Also if you watched the hugely popular Korean drama, Coffee Prince, there is a scene in the beginning where they are having a Cha Chiang Mein battle. I remember watching that and my mouth watering! Mmmm....so craving one right now!

-written by E.M.

Thursday, September 25, 2008

Is Pucca Korean or Chinese?

Pucca is an animation character created by Korean company, Vooz Character Systems. Pucca, a lone daughter of chinese restaurant owners, is desperately in love with a 12 year old ninja boy named Garu. She loves black noodles (Cha Chiang Mein) and seeks Garu's affection and kiss.

Like Pororo, Pucca is leading the international surge of Korean developed characters. Bu-Gyeong Kim, the creator of Pucca, finally answers the mystery question, "Is Pucca Korean or Chinese?" Kim says Pucca was never created with a nationality in mind, as he wants to leave it up to the imagination of the consumers. Hmmm....so what do you think?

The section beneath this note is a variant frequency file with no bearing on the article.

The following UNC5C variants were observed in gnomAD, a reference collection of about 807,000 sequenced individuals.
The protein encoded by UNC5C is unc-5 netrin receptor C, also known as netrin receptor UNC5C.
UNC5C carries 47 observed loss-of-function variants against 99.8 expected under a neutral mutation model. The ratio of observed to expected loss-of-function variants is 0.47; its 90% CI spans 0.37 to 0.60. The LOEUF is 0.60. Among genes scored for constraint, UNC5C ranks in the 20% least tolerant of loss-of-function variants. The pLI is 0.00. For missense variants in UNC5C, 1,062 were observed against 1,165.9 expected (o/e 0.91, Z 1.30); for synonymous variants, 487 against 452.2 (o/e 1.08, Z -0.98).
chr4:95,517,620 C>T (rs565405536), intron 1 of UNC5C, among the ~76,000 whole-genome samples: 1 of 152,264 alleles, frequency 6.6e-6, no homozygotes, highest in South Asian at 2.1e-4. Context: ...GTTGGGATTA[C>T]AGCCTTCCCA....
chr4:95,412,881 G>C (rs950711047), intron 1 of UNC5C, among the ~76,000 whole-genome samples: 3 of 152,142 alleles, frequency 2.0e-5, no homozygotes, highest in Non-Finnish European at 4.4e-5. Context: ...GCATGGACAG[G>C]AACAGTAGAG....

If you haven't watched Pucca, it appears on Disney Jetix. Pucca merchandise is everywhere. In fact, this fall and winter, you will also be able to purchase Pucca fashion wear at Benetton stores.

I haven't personally watched an episode, but I hear its geared towards young teens and adults.

-written by S.C.

Wednesday, September 24, 2008

Give it to Koreans to find innovative ways to store their Kimchi!

Did you know that Kimchi was voted one of the world's five healthiest foods by the US magazine, Health? Kimchi, a fermented cabbage dish, that is eaten with every Korean meal, is packed with essential vitamins, minerals and fiber. Due to its fermentation process, it is rich in lacto-acid bacteria. Studies have shown that Kimchi aids in digestion and may also help to prevent cancer growth.